It’s a strange thing to be ramping up for a festival that’s in the process of winding down. Not that Bele Chere, which began in 1979, won’t be as crowded/colorful/overwhelming/noisy/jubilant/arty/street food-y/dance-y as ever. But there’s a very good chance that 2013 marks not only firsts (will septuagenarian rockabilly songstress Wanda Jackson and Baltimore-based electronic musician/Moogfest alum Dan Deacon jam together?), but lasts. As in the last Bele Chere.
Thirty-five years is “a really, really long run for any event, and for a free festival it’s almost unheard of,” says Sandra Travis, the program supervisor for Asheville Parks and Recreation’s festivals. So when City Council pulled the plug on the festival’s budget in June, perhaps it wasn’t a surprise. And, while there’s a chance that a private festival planner could take over, Travis says it would be a difficult undertaking for another organization.
While there is no special programming planned to commemorate this final festival, Travis does think there might be some after-the-fact commemoration online.
Including this Bele Chere, Travis has worked on 26 iterations of the summer street fête. She served as a volunteer for 18 of those years and joined the city staff in 2005. She says she’ll miss the teamwork and the people she connects with each year, such as certain vendors who’ve worked Bele Chere for three decades.
Some of the entertainment has that sort of history, too: Both old-time band David Holt and the Lightning Bolts and bluegrass outfit Balsam Range appeared at early Bele Chere festivals. It seemed fitting to Travis to include them in what’s likely the final lineup. Plus, “They’re both local Grammy winners,” says Travis.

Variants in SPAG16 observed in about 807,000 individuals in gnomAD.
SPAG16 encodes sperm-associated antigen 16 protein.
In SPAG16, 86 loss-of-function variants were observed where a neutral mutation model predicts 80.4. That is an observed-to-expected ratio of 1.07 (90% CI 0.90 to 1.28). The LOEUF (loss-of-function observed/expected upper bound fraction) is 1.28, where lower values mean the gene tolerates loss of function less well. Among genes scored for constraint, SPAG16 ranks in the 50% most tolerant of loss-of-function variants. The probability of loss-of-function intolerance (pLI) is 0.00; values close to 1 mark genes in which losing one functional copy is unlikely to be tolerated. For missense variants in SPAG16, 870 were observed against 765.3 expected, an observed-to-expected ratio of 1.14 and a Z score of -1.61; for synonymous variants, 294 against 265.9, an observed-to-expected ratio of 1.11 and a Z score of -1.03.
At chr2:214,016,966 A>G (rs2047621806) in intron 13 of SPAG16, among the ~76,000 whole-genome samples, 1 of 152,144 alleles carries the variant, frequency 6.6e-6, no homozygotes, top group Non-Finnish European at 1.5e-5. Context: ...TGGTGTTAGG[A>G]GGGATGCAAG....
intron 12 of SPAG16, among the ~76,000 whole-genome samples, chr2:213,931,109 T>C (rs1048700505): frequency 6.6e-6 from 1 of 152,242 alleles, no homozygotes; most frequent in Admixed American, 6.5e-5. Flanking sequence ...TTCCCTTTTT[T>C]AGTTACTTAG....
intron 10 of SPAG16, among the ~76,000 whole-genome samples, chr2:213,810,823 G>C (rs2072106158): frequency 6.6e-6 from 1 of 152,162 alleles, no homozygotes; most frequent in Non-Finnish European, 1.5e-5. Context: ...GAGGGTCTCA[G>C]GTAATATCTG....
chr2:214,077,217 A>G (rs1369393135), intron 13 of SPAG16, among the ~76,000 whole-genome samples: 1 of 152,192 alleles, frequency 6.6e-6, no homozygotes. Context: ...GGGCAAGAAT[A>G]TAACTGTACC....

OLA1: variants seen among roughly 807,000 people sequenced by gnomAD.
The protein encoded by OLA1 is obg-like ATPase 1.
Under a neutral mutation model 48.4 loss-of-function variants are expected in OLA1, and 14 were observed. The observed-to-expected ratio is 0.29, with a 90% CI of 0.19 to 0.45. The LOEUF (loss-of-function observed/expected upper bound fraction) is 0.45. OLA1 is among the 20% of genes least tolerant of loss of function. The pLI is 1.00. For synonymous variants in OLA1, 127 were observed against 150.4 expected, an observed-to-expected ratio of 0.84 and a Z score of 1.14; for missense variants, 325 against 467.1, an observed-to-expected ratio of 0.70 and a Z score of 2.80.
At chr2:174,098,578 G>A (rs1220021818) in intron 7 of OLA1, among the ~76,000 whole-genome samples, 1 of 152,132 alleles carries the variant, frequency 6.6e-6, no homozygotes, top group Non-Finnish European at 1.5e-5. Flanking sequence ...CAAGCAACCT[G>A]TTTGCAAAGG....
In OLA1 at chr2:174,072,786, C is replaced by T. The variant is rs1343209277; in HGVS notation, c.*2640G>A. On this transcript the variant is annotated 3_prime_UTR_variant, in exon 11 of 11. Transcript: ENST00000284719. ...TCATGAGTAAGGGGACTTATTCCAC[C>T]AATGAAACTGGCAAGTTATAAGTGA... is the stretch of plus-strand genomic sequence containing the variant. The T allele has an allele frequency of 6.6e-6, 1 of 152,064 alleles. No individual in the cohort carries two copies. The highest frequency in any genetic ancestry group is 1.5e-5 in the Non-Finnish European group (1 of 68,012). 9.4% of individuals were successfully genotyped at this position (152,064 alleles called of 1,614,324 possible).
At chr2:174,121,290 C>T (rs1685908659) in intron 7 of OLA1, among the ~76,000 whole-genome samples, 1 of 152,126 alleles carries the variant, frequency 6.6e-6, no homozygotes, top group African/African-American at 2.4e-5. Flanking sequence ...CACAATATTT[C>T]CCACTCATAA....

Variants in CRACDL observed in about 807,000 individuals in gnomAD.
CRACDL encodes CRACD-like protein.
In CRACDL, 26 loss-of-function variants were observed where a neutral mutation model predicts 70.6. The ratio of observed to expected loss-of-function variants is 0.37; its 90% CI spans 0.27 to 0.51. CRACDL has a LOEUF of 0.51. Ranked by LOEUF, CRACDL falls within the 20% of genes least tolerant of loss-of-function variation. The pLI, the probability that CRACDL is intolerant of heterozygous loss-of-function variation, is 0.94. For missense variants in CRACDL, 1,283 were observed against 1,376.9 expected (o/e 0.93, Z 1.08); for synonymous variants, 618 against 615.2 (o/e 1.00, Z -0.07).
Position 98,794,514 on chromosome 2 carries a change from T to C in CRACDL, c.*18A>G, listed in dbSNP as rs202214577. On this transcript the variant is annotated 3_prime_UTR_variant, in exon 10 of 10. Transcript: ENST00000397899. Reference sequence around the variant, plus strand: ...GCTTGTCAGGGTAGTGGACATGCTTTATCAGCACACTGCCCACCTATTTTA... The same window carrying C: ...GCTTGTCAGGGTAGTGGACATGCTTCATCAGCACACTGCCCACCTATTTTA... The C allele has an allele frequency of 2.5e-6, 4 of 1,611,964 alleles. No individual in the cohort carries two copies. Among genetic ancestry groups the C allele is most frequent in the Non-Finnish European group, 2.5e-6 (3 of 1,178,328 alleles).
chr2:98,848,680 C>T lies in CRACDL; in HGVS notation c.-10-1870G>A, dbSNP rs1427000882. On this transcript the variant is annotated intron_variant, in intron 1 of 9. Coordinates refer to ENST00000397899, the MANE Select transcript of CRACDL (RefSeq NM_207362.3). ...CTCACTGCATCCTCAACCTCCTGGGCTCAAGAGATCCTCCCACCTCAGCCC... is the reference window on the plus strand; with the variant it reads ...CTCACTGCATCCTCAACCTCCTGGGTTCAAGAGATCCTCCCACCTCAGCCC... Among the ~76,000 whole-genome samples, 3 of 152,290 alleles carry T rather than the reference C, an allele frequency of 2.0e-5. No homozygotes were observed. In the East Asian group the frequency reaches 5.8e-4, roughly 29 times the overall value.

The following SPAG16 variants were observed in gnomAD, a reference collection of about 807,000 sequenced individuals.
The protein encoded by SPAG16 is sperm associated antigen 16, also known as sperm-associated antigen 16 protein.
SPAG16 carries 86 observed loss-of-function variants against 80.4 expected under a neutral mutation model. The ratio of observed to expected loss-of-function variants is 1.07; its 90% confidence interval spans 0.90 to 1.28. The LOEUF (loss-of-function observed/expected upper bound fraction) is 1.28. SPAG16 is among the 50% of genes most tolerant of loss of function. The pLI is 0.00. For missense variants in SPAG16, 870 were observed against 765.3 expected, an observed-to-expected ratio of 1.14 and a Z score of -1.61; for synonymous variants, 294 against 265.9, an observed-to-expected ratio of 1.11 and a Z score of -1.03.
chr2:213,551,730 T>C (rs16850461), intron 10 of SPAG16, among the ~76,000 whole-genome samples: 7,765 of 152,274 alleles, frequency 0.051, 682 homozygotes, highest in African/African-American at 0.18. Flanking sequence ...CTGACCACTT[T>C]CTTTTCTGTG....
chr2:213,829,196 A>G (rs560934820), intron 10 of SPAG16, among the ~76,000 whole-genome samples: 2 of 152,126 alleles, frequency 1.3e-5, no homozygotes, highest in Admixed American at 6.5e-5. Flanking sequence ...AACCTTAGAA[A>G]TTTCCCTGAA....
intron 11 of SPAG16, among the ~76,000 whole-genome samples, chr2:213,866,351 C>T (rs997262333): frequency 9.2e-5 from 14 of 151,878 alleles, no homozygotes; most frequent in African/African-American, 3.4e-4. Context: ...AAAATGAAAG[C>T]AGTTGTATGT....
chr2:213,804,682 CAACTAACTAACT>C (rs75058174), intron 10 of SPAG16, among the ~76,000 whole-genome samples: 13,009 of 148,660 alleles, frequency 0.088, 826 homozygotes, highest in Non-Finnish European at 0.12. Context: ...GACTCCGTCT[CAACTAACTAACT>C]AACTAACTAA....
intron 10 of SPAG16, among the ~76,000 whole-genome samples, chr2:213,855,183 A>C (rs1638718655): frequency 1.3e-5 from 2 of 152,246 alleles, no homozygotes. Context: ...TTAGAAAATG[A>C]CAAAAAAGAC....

Another returning favorite is Yo Mama’s Big Fat Booty Band, who formed in 2002 and have missed few Bele Cheres since. Travis says that it’s been her intention (with the festival music bookers) to shake up the lineup from year to year. The summer that she didn’t add the Booty Band to the roster, though, “Apparently I was breaking some kind of huge tradition that I was not aware of!” she jokes. “I got more emails over that than I have for any other entertainment-related thing, ever.”
So, favorite bands are returning, but new ones will take the stage, too. This year’s lineup is more than half local, a ratio Travis says the festival has worked to maintain for many years. In fact, the schedule has been reconfigured to allow for more music slots (an increase from 42 last year to 47 this year). There is also a new graphic denoting local organizations, artists, vendors and merchants at Bele Chere. It will appear online and in signage. “I want people to recognize just how many different local individuals and organizations are involved in the festival,” says Travis.
What is the program supervisor most looking forward to this year? She says there’s always a sense of excitement that comes with set up on Thursday night. “It’s like building a city within a city,” she says. And this year, for the first time (since it’s her last chance), Travis wants to “go listen to a band for more than five minutes. And I’m going to shop.”
— Alli Marshall can be reached at firstname.lastname@example.org.
what: Bele Chere
where: Downtown Asheville
when: Friday-Sunday, July 26-28 (music run 4:30-10 p.m. Friday, noon-10 p.m. Saturday and 1-6 p.m. Sunday. Free. http://belecherefestival.com)